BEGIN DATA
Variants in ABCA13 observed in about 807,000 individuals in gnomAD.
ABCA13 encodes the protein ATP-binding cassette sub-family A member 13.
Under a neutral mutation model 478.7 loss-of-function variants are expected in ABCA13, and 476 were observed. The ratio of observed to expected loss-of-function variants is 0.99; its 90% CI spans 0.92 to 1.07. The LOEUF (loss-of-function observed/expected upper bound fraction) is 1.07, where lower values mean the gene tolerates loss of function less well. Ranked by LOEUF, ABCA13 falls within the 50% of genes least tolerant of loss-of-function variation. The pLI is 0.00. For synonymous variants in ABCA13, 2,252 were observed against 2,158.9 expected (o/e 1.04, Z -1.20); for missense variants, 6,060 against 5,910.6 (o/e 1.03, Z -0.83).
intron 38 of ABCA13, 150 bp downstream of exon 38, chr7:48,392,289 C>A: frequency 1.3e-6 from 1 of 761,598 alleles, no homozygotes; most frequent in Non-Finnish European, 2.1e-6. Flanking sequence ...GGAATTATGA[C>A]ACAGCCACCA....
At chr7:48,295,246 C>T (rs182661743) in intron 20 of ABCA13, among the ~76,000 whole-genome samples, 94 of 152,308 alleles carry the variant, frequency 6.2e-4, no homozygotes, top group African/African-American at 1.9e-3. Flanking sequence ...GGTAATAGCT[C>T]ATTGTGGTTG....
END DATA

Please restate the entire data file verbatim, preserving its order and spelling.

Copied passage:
Variants in ABCA13 observed in about 807,000 individuals in gnomAD.
ABCA13 encodes the protein ATP-binding cassette sub-family A member 13.
Under a neutral mutation model 478.7 loss-of-function variants are expected in ABCA13, and 476 were observed. The ratio of observed to expected loss-of-function variants is 0.99; its 90% CI spans 0.92 to 1.07. The LOEUF (loss-of-function observed/expected upper bound fraction) is 1.07, where lower values mean the gene tolerates loss of function less well. Ranked by LOEUF, ABCA13 falls within the 50% of genes least tolerant of loss-of-function variation. The pLI is 0.00. For synonymous variants in ABCA13, 2,252 were observed against 2,158.9 expected (o/e 1.04, Z -1.20); for missense variants, 6,060 against 5,910.6 (o/e 1.03, Z -0.83).
intron 38 of ABCA13, 150 bp downstream of exon 38, chr7:48,392,289 C>A: frequency 1.3e-6 from 1 of 761,598 alleles, no homozygotes; most frequent in Non-Finnish European, 2.1e-6. Flanking sequence ...GGAATTATGA[C>A]ACAGCCACCA....
At chr7:48,295,246 C>T (rs182661743) in intron 20 of ABCA13, among the ~76,000 whole-genome samples, 94 of 152,308 alleles carry the variant, frequency 6.2e-4, no homozygotes, top group African/African-American at 1.9e-3. Flanking sequence ...GGTAATAGCT[C>T]ATTGTGGTTG....